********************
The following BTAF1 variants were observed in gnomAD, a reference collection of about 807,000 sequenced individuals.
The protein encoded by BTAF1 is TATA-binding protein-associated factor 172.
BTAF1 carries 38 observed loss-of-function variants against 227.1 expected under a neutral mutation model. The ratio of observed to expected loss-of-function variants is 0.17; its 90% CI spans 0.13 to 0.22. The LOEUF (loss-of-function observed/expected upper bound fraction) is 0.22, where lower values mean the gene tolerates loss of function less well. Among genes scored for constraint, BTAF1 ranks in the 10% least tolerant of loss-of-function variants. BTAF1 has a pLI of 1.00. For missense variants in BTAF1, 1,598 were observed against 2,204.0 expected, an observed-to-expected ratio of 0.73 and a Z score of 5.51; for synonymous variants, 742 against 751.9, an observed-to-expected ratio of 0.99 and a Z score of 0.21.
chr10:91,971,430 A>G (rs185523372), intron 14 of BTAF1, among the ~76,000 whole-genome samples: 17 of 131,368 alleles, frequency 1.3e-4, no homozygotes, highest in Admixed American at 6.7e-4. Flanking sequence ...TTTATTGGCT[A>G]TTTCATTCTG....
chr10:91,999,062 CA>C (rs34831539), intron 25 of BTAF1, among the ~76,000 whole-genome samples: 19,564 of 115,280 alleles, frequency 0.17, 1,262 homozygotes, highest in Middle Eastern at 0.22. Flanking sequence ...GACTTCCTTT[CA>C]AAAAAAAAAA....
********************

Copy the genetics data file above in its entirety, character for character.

The following BTAF1 variants were observed in gnomAD, a reference collection of about 807,000 sequenced individuals.
The protein encoded by BTAF1 is TATA-binding protein-associated factor 172.
BTAF1 carries 38 observed loss-of-function variants against 227.1 expected under a neutral mutation model. The ratio of observed to expected loss-of-function variants is 0.17; its 90% CI spans 0.13 to 0.22. The LOEUF (loss-of-function observed/expected upper bound fraction) is 0.22, where lower values mean the gene tolerates loss of function less well. Among genes scored for constraint, BTAF1 ranks in the 10% least tolerant of loss-of-function variants. BTAF1 has a pLI of 1.00. For missense variants in BTAF1, 1,598 were observed against 2,204.0 expected, an observed-to-expected ratio of 0.73 and a Z score of 5.51; for synonymous variants, 742 against 751.9, an observed-to-expected ratio of 0.99 and a Z score of 0.21.
chr10:91,971,430 A>G (rs185523372), intron 14 of BTAF1, among the ~76,000 whole-genome samples: 17 of 131,368 alleles, frequency 1.3e-4, no homozygotes, highest in Admixed American at 6.7e-4. Flanking sequence ...TTTATTGGCT[A>G]TTTCATTCTG....
chr10:91,999,062 CA>C (rs34831539), intron 25 of BTAF1, among the ~76,000 whole-genome samples: 19,564 of 115,280 alleles, frequency 0.17, 1,262 homozygotes, highest in Middle Eastern at 0.22. Flanking sequence ...GACTTCCTTT[CA>C]AAAAAAAAAA....